How to use Terraform to create a vpc network and a GKE in GCP

In this guide, we will build a Google Kubernetes Engine (GKE) instance in Google cloud platform using terraform. Terraform allows you to develop cloud infrastructure by automating repetitive tasks.

Creating a GKE cluster in the console can be tiring, especially if you have to create multiple instances with different parameters such as node types, node sizes etc. Terraform was created to solve that problem. It allows you to have the instructions as code that can be used to plan, deploy, modify, and destroy the clusters programmatically.

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Requirements

You need the following to proceed

  • A Google Project – GCP organizes resources into projects. Create one now in the GCP console and make note of the project ID. 

  • Enable Google Compute Engine for your project in the GCP console. Make sure to select the project you are using to follow this tutorial and click the “Enable” button.

  • A GCP service account keyCreate a service account key to enable Terraform to access your GCP account. When creating the key, use the following settings:

  • Select the project you created in the previous step.

  • Click “Create Service Account”.

  • Give it any name you like and click “Create”.

  • For the Role, choose “Project -> Editor”, then click “Continue”.

  • Skip granting additional users access, and click “Done”.

After you create your service account, download your service account key.

  • Select your service account from the list.
  • Select the “Keys” tab.
  • In the drop down menu, select “Create new key”.
  • Leave the “Key Type” as JSON.
  • Click “Create” to create the key and save the key file to your system.

Step 1 – Downloading and installing terraform

Terraform is available as a binary for most distributions. Get the latest binary and download instructions from terraform downloads page here.

Step 2 – Adding the Project code

In this section we will create the files that will contain the code for our resources. First you need to create a directory and switch to it. In your terminal use these commands:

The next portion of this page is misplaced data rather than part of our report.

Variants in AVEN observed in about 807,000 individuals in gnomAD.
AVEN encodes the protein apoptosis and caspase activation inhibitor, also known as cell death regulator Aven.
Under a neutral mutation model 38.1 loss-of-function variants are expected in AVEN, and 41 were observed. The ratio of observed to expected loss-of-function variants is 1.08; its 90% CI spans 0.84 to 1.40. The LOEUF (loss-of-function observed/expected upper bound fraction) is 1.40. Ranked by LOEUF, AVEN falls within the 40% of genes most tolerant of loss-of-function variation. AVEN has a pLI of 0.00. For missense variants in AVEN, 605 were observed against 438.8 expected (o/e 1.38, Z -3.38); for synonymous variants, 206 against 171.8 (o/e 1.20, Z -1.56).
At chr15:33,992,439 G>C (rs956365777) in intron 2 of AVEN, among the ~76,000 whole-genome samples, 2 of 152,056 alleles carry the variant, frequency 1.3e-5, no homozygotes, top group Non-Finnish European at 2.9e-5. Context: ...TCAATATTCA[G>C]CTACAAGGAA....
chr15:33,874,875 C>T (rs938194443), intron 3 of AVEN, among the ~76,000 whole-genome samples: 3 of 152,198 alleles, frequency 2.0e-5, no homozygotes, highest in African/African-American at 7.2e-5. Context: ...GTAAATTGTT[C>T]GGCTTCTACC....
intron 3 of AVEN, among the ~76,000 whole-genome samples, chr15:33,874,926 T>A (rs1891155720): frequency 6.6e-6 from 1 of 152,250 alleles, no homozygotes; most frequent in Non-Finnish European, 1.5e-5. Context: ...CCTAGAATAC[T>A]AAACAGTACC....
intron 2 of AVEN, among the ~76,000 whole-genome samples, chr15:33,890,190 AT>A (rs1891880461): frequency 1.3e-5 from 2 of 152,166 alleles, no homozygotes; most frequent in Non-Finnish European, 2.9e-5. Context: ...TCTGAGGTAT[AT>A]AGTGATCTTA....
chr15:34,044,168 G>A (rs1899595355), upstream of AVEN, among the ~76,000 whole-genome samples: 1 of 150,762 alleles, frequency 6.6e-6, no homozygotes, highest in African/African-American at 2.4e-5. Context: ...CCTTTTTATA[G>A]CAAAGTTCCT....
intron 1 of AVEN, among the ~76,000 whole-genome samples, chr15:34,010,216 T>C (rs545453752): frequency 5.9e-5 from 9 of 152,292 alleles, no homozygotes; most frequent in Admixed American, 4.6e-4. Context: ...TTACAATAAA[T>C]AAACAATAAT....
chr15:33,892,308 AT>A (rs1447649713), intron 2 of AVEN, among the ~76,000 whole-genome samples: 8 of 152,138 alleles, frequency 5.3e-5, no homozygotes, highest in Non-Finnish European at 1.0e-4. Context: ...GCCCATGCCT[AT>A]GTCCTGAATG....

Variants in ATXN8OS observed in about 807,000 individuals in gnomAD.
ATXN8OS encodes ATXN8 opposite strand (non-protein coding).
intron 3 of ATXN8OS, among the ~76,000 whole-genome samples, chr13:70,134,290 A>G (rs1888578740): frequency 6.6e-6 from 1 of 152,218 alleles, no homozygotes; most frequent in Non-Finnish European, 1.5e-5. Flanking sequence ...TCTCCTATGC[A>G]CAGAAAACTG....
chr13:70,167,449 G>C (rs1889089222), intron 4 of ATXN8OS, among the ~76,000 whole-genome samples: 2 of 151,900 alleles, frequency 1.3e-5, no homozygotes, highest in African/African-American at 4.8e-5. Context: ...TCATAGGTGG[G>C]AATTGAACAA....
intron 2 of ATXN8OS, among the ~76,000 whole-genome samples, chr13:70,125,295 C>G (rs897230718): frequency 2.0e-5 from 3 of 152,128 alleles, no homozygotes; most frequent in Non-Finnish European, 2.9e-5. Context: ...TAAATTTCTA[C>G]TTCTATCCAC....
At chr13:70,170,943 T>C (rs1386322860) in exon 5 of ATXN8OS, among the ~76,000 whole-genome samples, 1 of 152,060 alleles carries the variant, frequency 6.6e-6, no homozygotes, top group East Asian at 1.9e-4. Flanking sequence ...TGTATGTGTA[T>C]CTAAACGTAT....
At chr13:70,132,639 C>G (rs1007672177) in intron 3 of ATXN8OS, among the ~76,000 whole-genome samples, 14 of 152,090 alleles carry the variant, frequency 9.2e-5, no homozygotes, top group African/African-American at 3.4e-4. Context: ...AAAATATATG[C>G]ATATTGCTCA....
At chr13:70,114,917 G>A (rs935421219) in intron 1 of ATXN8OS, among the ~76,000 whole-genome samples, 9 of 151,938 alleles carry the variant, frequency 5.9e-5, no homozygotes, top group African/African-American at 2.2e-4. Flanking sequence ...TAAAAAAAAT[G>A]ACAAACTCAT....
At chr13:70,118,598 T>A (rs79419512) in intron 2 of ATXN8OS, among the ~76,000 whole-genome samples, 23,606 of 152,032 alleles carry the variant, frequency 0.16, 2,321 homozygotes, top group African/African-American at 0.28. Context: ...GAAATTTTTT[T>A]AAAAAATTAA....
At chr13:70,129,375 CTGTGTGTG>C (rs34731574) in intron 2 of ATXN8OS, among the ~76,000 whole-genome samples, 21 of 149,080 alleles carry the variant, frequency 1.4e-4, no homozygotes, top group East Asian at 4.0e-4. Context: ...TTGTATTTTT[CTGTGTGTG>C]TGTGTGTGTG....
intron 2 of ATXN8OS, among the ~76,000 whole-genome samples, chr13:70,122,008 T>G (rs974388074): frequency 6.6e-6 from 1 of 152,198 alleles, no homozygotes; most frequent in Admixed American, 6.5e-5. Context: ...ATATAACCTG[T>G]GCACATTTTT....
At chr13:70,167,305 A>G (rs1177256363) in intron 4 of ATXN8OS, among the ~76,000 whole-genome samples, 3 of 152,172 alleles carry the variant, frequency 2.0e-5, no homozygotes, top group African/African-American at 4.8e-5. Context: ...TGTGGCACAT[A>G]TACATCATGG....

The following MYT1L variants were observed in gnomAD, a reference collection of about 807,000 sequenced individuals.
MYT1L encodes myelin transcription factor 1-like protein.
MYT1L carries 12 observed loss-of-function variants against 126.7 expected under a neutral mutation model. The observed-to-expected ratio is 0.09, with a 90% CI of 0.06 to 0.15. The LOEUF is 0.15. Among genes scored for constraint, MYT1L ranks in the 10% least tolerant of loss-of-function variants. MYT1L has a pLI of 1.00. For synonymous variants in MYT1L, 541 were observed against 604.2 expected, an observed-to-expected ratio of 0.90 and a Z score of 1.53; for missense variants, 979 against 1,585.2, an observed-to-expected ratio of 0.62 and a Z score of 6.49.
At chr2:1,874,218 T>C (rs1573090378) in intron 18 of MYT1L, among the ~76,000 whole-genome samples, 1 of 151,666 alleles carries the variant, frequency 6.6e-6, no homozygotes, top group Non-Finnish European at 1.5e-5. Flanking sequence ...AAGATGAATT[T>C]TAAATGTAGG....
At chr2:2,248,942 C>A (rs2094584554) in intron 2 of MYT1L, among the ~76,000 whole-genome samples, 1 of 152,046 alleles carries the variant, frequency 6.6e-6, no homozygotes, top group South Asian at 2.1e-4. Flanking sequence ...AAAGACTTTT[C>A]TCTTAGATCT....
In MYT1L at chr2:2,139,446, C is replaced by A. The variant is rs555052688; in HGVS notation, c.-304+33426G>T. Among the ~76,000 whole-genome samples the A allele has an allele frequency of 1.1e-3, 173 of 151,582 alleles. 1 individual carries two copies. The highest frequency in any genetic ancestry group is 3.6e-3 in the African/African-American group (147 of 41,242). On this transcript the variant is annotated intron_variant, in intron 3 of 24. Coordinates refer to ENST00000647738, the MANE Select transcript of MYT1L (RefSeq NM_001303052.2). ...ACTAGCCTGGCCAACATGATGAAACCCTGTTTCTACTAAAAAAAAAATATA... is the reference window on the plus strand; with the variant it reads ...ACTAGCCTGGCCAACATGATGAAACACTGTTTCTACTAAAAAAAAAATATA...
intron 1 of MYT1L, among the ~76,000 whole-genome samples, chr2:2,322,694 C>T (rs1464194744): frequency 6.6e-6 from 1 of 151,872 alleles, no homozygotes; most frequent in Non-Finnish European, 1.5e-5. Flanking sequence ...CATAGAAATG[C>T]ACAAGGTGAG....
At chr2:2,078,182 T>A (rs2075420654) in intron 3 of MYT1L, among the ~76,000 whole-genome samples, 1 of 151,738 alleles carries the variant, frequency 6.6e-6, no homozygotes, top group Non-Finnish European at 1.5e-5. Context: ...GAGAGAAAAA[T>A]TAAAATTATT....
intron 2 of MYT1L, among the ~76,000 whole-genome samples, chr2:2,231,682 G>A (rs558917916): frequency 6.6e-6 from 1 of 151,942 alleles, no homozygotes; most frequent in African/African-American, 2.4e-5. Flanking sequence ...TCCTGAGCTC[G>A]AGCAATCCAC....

mkdir gcp-gke
cd gcp-gke

First we will have to specify the providers. Terraform relies on plugins called “providers” to interact with cloud providers, SaaS providers, and other APIs.

Terraform configurations must declare which providers they require so that Terraform can install and use them. Additionally, some providers require configuration (like endpoint URLs or cloud regions) before they can be used.

This is the main.tf where we define the google provider that we will use and we are also specifying the specific versions. We are also defining some locals that we can reuse.

A local value assigns a name to an expression, so you can use the name multiple times within a module instead of repeating the expression. Local values are like a function’s temporary local variables.

locals {
  env              = "dev"
  project          = "citizix"
  credentials_path = "./gcp-credentials.json"
  region           = "europe-west1"
}

terraform {
  required_providers {
    google = {
      source  = "hashicorp/google"
      version = ">=4.20.0, < 5.0.0"
    }
  }
}

provider "google" {
  credentials = file(local.credentials_path)

  project = "citizix-prj"
  region  = local.region
}

Create a vpc

Next we will need to create a vpc because all the other resources depends on it. The following code specifies a google compute network and two sub networks – one private and one public. Save it as vpc.tf.

locals {
  vpc_name = "${local.env}-${local.project}-vpc"
}

resource "google_compute_network" "vpc" {